Monday, 4:10 PM.
“Yo, Mrs. Chung cancelled today’s meeting too!” Vikas rubs his head full of thick, curly black hair. I move closer to the door to read the green post-it note stuck on; ‘Peer Helpers meeting cancelled.’ Mrs. Chung is the school guidance counselor and the head of the Peer Helpers club at Lincoln M. Alexander Secondary School.
Mrs. Chung’s usually glossy pin-straight hair looks coarse and untidy. Her once shiny, manicured nails are chipped and uneven, her elbows dry and cracked and her eyes heavy and droopy. Her noisy 5-inch pumps and suit is replaced with white running shoes and faded grey track pants. Mrs. Chung flies past me, clutching onto a folder overflowing with papers. She accidentally drops her Blackberry and jumps back; as she reaches for her cell phone, her folders slips from her hands, the papers flying to the floor. Mrs. Chung grits her teeth and scoffs.
4: 20 PM.
Vikas gently slaps the back of my head with a rolled-up Bristol board, “What’re you spacing out for?”
I shake my head, “We didn’t have a Peer Helpers meeting for 3 weeks now! I think something’s going on with Mrs. Chung.”
Vikas looks thoughtful, rubbing his stub of a chin, “hhmm… true. I could’ve sworn I’ve seen her crying in her car this morning.”
What if Mrs. Chung had a nasty breakup? Is she overwhelmed with work? Maybe it’s health problems. I’ll investigate. Even guidance counselors need someone to talk to. There would be no Peer Helpers without Mrs. Chung.
I walk to the school office. The soft grey reception desk is organized with a bundle of folders on one side, and colorful souvenirs and knickknacks on the other side. A mini Santa Claus figurine in an orange and yellow Hawaiian shirt and black sunglasses bobs his oversized head from side to side. Two identical reindeer bobble-heads with apple-red noses and matching sunglasses with a drink in their hands jingle their heads back and forth on each side of the Santa figurine. Mrs. Persaud likes to collect bobble heads.
Mrs. Persaud greets me with her best smile, her brown eyes sparkling “Hello dear, how I can help you?”
I set up an appointment with Mrs. Chung at 4:10 pm tomorrow. All appointments for today are cancelled. I scribble my signature and student number onto the sign-up sheet and head out, thanking Mrs. Persaud. She waves at me, the colorful charms on her silver bracelet dangling.
Tuesday, 4:25 PM.
I wait outside Mrs. Chung’s door, poking at Mrs. Persaud’s bobble heads. Mrs. Persaud returns from the cafeteria with a steaming cup of coffee.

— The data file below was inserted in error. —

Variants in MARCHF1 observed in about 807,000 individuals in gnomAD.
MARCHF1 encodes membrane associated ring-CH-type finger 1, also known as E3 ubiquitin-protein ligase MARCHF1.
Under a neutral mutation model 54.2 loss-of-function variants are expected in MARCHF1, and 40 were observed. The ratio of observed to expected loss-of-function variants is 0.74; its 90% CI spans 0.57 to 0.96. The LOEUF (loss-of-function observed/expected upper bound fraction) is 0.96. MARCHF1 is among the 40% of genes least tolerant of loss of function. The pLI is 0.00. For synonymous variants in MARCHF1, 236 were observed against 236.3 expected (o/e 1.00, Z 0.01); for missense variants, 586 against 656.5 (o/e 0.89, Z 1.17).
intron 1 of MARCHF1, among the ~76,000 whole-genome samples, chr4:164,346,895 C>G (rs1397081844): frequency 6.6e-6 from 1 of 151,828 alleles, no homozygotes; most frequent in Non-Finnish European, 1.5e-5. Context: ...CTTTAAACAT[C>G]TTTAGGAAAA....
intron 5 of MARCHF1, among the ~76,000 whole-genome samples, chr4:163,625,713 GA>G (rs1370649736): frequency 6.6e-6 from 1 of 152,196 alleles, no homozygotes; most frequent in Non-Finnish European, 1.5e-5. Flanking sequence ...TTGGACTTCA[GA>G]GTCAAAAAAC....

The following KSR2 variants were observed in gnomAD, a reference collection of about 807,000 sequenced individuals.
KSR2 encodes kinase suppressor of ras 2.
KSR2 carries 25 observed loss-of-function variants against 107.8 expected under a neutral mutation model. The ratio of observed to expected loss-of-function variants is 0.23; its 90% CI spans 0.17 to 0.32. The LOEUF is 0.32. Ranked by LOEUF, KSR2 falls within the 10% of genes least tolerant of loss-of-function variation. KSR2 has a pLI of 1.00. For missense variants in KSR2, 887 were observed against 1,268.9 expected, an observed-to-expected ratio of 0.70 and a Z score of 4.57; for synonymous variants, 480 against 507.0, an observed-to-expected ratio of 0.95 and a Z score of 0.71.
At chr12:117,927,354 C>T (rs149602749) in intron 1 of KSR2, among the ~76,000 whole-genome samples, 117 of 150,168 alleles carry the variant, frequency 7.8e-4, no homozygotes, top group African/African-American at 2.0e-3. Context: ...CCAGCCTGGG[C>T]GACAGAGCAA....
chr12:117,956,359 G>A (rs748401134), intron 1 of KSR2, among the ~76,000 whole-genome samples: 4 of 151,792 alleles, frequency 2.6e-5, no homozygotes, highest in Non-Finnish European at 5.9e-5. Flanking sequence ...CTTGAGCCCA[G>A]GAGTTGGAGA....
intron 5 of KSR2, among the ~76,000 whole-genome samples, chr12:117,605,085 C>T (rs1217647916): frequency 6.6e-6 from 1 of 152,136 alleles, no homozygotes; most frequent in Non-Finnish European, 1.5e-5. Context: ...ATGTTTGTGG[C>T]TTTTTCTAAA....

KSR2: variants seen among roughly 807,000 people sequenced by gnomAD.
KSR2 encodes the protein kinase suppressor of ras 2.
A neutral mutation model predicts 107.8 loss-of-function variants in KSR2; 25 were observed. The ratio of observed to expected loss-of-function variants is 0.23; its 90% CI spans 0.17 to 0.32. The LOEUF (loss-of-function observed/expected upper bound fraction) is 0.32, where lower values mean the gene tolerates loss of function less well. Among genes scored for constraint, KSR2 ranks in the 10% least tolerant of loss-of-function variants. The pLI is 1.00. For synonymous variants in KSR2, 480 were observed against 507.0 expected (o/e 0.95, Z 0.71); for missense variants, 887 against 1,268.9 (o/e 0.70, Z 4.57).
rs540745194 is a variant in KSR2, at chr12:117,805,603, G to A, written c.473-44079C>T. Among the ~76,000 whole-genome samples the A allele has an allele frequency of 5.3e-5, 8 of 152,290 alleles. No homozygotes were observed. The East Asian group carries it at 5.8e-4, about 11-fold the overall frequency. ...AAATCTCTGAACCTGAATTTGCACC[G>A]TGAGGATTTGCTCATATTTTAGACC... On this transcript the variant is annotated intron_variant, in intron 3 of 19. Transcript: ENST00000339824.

Mrs. Persaud frowns, “Mrs. Chung’s not here yet?”
I shake my head and immediately spot Mrs. Chung through the glass in the empty corridor, speed walking. Her shoulder-length hair is caught in the handle of her violet Gucci handbag. She frantically tries to untangle her hair as she creaks open the office door. Mrs. Chung rushes into her room, placing her Starbucks coffee and leather handbag onto her cluttered wooden desk overflowing with transcripts, paperclips, a couple of pens and pencils and folders. She gestures at me, asking me to come inside. Her face looks haggard and tired. The wrinkles at the edge of her dark brown eyes are prominent. Her skin looks dry and irritable, her usual tan glow missing.
“So, what would you like to talk about?”
I stare at the pale grey-blue carpet. My mind remains blank and my body is stiff. I listen to a muffled ringtone coming from Mrs.Chung's handbag .
“Just give me a minute” Mrs. Chung grabs her cell phone out of her handbag and walks out the door.
I sink back in my chair, relieved. I gaze around the tiny room. The shelves are stuffed with thick encyclopedias and novels, and photos of her two young children; a boy and a girl. Everything looks the same like before, except the desk is more cluttered. I search for the family picture in a polished, wooden frame. I scan the room closely; it’s not here. Maybe it was a separation. I hear Mrs. Chung’s footsteps approaching closer. I sit back in my seat.
“Don’t worry sweetheart, Daddy will come by next week, ok? Ok, I love you.”
Mrs. Chung throws her cell phone onto her desk, nearly missing. Her face instantly reddens.
“Sorry, I just need to reorganize everything and I’ll be good to go.” she admits, tying her hair up in a messy bun.
I nod, unsure of what to say. The clock reads 4: 45PM. A student waits outside the door.
“Looks like my time’s up, Mrs. Chung. I’ll talk to you later.”
“Sure. See you next week in the Peer Helpers meeting!” Mrs. Chung smiles warmly.
Mrs. Chung shuffles her notes, organizes her folders and clears the food from her table. Half the clutter is already gone.